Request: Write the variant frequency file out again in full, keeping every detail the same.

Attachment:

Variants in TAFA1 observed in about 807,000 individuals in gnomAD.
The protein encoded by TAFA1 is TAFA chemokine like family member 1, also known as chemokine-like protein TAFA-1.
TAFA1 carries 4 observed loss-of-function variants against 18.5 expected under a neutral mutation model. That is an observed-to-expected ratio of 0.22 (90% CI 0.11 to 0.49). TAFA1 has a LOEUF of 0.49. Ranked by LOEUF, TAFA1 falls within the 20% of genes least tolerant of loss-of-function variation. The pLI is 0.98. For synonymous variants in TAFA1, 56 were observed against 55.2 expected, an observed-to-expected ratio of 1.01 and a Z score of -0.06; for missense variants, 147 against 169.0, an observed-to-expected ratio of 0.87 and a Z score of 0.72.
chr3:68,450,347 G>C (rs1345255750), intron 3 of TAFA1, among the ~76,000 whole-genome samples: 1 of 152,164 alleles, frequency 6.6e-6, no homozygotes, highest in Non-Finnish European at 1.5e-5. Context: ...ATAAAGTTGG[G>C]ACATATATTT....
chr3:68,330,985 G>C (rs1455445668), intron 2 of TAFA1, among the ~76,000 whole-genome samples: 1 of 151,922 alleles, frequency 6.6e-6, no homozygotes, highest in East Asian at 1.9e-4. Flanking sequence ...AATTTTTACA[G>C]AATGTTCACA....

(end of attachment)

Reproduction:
Variants in TAFA1 observed in about 807,000 individuals in gnomAD.
The protein encoded by TAFA1 is TAFA chemokine like family member 1, also known as chemokine-like protein TAFA-1.
TAFA1 carries 4 observed loss-of-function variants against 18.5 expected under a neutral mutation model. That is an observed-to-expected ratio of 0.22 (90% CI 0.11 to 0.49). TAFA1 has a LOEUF of 0.49. Ranked by LOEUF, TAFA1 falls within the 20% of genes least tolerant of loss-of-function variation. The pLI is 0.98. For synonymous variants in TAFA1, 56 were observed against 55.2 expected, an observed-to-expected ratio of 1.01 and a Z score of -0.06; for missense variants, 147 against 169.0, an observed-to-expected ratio of 0.87 and a Z score of 0.72.
chr3:68,450,347 G>C (rs1345255750), intron 3 of TAFA1, among the ~76,000 whole-genome samples: 1 of 152,164 alleles, frequency 6.6e-6, no homozygotes, highest in Non-Finnish European at 1.5e-5. Context: ...ATAAAGTTGG[G>C]ACATATATTT....
chr3:68,330,985 G>C (rs1455445668), intron 2 of TAFA1, among the ~76,000 whole-genome samples: 1 of 151,922 alleles, frequency 6.6e-6, no homozygotes, highest in East Asian at 1.9e-4. Flanking sequence ...AATTTTTACA[G>C]AATGTTCACA....